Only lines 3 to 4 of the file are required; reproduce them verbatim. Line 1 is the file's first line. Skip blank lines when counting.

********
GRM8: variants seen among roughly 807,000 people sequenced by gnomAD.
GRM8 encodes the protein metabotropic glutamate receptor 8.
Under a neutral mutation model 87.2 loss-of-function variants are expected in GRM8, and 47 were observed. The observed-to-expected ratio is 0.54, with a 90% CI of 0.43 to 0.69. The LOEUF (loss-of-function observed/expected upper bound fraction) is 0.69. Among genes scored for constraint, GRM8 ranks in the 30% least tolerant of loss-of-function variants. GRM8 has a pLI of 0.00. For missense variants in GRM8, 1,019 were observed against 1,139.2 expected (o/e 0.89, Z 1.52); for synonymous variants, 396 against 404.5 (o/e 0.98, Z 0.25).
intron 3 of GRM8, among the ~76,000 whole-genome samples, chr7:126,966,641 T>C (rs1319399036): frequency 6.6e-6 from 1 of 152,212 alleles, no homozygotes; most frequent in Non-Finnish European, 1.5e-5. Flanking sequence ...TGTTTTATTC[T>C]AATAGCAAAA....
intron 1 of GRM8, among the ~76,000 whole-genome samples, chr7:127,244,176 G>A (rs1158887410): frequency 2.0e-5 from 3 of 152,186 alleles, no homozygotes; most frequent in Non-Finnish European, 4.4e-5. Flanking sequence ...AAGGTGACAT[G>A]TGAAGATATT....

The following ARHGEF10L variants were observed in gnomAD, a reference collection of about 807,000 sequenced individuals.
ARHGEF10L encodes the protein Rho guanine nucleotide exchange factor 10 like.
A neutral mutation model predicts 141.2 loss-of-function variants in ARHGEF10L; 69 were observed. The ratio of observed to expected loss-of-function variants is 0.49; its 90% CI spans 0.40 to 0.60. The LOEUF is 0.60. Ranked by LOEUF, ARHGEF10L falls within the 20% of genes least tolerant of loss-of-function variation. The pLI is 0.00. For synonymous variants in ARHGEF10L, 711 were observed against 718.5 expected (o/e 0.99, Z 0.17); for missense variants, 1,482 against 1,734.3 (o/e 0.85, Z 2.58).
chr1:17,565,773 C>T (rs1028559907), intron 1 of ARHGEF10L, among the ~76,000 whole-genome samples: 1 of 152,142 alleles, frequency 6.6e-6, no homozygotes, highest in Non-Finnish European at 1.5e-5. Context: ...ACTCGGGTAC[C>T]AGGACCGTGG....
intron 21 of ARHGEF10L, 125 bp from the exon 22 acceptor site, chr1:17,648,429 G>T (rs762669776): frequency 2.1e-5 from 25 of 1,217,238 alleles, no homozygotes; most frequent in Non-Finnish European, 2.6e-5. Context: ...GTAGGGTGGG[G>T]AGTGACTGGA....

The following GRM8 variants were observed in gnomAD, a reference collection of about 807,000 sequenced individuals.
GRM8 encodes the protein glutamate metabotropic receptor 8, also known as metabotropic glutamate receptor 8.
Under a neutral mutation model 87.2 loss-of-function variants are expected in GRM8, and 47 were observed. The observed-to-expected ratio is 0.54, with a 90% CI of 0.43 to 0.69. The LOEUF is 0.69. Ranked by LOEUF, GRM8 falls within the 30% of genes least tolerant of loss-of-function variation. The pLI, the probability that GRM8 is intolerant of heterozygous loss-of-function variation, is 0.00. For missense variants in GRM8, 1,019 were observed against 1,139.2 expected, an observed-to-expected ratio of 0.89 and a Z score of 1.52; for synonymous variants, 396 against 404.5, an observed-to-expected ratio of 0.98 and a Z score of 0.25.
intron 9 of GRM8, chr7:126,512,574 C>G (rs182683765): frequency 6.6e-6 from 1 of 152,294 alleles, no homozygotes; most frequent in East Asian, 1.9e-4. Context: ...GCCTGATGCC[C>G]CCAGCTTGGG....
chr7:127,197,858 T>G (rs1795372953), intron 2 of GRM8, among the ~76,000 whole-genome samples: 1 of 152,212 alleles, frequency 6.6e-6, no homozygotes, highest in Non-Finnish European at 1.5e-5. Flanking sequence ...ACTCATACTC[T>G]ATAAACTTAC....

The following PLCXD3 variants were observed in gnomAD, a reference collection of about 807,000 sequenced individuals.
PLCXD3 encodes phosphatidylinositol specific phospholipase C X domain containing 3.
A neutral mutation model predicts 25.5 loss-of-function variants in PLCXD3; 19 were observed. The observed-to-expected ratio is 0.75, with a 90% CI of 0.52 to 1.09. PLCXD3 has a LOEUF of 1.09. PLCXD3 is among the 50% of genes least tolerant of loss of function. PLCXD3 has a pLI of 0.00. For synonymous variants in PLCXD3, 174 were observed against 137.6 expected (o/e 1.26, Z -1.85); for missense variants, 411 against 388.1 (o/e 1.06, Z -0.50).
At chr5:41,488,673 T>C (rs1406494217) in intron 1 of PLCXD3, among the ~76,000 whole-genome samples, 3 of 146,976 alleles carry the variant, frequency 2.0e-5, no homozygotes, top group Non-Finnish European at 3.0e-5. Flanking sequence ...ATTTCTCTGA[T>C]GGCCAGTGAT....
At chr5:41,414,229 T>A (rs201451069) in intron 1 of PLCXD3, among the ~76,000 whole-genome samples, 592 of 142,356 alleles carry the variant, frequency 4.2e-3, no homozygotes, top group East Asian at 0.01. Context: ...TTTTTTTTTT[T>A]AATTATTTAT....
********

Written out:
Under a neutral mutation model 87.2 loss-of-function variants are expected in GRM8, and 47 were observed. The observed-to-expected ratio is 0.54, with a 90% CI of 0.43 to 0.69. The LOEUF (loss-of-function observed/expected upper bound fraction) is 0.69. Among genes scored for constraint, GRM8 ranks in the 30% least tolerant of loss-of-function variants. GRM8 has a pLI of 0.00. For missense variants in GRM8, 1,019 were observed against 1,139.2 expected (o/e 0.89, Z 1.52); for synonymous variants, 396 against 404.5 (o/e 0.98, Z 0.25).
intron 3 of GRM8, among the ~76,000 whole-genome samples, chr7:126,966,641 T>C (rs1319399036): frequency 6.6e-6 from 1 of 152,212 alleles, no homozygotes; most frequent in Non-Finnish European, 1.5e-5. Flanking sequence ...TGTTTTATTC[T>C]AATAGCAAAA....